nolas85
2016-07-15, 12:03 AM
I don't see an issue with trying to change classes around through home brew if the dm allows however I think that should really be done through paths such as hunter or beast master. The problem I see with your example is that it's changing core mechanics. For example they get a green flame blade like ability yet can also get the extra 1d8 per round from hunter if they pick that option or a hunter path would get a limited animal companion while beast master gets a little better version.
If you think it could use different or new abilities I'd say try and build a prestige class that incorporates some of those elements in a way that both makes sense and is balanced with other like abilities of that level

Giant2005
2016-07-15, 02:04 AM
It is a bad idea to add combat bonuses to Favored Enemy.
If you do that, you either render them balanced against their Favored Enemy, and weak against everything else; or they are OP against their Favored Enemy, and balanced against everything else. Neither outcome is good, and there is no middle ground.
Situational bonuses make balance impossible.

R.Shackleford
2016-07-15, 04:25 PM
As to R. Shakleford's point, the way I see it a ranger is kind of a combination of all the best parts of a barbarian, rouge, fighter, and Druid. They're still very much their own thing, but they are similar in some way to all of those classes. I've always seen them as stealthy, hard hitting warriors using magic as a tool when nesesary, and always knowing at least 30 ways to kill you at any time.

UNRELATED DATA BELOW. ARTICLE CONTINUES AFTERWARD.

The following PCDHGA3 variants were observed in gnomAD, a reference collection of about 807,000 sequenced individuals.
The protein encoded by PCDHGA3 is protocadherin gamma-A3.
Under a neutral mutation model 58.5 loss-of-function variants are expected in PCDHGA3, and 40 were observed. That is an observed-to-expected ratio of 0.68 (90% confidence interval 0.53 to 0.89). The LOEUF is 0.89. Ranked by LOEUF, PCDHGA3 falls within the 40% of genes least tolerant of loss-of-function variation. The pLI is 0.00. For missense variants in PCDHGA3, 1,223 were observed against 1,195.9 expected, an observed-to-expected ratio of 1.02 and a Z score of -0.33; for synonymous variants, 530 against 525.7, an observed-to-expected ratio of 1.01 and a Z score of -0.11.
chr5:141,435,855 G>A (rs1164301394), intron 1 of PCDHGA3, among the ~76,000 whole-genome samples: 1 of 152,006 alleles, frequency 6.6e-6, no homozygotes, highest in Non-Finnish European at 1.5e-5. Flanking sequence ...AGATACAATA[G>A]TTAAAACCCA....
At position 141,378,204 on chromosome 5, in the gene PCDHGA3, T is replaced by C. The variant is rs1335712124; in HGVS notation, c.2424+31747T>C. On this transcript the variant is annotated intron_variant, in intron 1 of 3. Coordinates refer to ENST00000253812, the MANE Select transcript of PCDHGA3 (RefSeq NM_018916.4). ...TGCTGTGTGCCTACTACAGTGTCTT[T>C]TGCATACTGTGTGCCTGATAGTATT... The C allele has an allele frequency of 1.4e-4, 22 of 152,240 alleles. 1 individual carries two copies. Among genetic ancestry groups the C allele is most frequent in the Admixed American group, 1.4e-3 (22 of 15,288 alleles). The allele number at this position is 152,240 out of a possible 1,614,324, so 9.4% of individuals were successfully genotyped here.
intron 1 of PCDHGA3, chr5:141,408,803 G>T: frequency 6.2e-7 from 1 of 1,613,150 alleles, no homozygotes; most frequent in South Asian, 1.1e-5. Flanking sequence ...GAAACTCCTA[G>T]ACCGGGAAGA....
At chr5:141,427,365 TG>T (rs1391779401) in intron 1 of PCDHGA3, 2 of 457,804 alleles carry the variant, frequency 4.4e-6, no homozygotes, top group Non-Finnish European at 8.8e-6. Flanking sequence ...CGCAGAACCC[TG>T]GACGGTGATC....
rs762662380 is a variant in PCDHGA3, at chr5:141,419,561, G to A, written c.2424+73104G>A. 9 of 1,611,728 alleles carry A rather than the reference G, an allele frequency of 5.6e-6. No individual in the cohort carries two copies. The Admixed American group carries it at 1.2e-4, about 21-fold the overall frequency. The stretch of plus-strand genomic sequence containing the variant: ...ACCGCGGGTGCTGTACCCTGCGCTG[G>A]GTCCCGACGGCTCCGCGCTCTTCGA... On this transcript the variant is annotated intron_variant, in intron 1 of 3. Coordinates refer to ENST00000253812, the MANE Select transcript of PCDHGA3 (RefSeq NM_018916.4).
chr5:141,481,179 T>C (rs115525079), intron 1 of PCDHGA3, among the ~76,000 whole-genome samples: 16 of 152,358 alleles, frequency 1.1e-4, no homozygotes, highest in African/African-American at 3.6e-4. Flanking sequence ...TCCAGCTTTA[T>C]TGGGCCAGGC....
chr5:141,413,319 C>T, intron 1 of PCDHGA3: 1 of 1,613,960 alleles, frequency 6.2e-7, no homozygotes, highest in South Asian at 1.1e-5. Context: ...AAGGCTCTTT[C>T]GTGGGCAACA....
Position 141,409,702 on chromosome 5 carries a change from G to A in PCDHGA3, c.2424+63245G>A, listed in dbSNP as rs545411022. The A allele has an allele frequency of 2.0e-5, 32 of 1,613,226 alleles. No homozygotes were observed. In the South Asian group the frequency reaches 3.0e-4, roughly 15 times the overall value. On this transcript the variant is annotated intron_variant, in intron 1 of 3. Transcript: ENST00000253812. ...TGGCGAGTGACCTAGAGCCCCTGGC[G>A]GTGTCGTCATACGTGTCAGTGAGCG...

The problem when you bring the best of each class is that then you have a class that is unbalanced with other classes.

There was a thread that talked about "what is a ranger" on the 5e forums. That, and other places, is where my opinion really solidified that subclass or feat would be the best way to go.

But if you want your ranger to be its own thing that works too but the balancing will be weird because a lot that makes a ranger a ranger is 80% fluff/background and 20% 1 or 2 low level features that could be put into a multitude of other classes.

Just some fold for thought.